For a moment in April, the Internet tried to cancel Florida. Photos showing crowds flocking to Jacksonville Beach amid the pandemic sent the hashtag #FloridaMorons trending on Twitter. The media spun scenes of ignorant spring breakers endangering themselves and others. Here was Florida’s Republican governor, Ron DeSantis, joining neighboring state Georgia’s “experiment in human sacrifice,” as a writer for The Atlantic put it, by letting locals lift restrictions on their own.
Nearly a month later, Jacksonville’s Duval County reports new Covid-19 hospitalizations in the single digits. Rates of hospitalizations, cases and deaths remain steady across Florida. So far, fewer Floridians have died of the novel coronavirus than in New York’s nursing homes alone (2,259 compared with 5,800, at least). As Politico recently concluded, “Florida just doesn’t look nearly as bad as the national news media . . . have been predicting for about two months now.”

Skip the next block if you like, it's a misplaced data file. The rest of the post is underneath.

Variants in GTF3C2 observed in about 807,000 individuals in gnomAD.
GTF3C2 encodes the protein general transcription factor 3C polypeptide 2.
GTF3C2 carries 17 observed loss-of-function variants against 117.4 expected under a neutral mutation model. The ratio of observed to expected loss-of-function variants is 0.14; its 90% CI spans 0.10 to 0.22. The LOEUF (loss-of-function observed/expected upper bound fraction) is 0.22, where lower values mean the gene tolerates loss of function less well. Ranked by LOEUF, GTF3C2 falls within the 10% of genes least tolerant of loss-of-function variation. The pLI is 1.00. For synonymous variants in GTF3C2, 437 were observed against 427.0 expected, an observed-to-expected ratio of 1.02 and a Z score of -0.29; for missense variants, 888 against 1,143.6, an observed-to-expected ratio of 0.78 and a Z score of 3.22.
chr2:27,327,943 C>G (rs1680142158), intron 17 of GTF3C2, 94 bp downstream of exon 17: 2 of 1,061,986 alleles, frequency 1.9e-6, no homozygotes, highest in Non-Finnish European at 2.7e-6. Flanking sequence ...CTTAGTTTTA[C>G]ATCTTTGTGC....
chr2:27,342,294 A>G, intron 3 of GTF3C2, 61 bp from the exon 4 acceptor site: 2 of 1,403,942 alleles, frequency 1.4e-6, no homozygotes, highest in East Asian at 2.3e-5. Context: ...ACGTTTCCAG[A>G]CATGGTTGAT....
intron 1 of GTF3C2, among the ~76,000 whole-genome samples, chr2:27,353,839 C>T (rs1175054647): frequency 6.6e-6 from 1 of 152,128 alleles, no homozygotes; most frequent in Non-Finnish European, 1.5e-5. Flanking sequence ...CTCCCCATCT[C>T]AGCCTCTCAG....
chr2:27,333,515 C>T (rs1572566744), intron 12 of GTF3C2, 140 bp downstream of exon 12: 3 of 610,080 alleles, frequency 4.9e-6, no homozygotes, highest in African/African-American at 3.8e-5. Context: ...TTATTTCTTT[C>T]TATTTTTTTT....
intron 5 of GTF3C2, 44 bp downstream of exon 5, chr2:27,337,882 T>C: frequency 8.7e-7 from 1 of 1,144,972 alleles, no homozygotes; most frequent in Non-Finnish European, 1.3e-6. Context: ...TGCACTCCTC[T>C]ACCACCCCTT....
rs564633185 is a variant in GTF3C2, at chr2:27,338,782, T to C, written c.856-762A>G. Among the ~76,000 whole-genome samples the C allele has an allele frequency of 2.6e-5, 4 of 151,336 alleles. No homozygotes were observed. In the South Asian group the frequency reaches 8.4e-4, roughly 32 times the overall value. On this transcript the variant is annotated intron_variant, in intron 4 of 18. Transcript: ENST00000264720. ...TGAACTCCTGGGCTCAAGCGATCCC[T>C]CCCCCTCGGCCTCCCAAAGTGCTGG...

Florida’s approach — a decentralized health response with targeted lockdowns and quarantines reinforced by voluntary social distancing — appears to have worked.
Other populous states adopting this approach, such as Tennessee under Gov. Bill Lee, have seen similar success. The lesson: It is possible to keep a lid on the virus even while gradually reopening.
Florida is large and diverse. If Jacksonville and Tallahassee are the Deep South, the state’s I-4 corridor, running from Tampa through Orlando to Daytona Beach, is pure Middle America. South Florida is the polyglot “New Havana,” a bubbling melting pot between the Gulf and Gold Coasts. Unsurprisingly, DeSantis gave counties leeway in responding to Covid-19.
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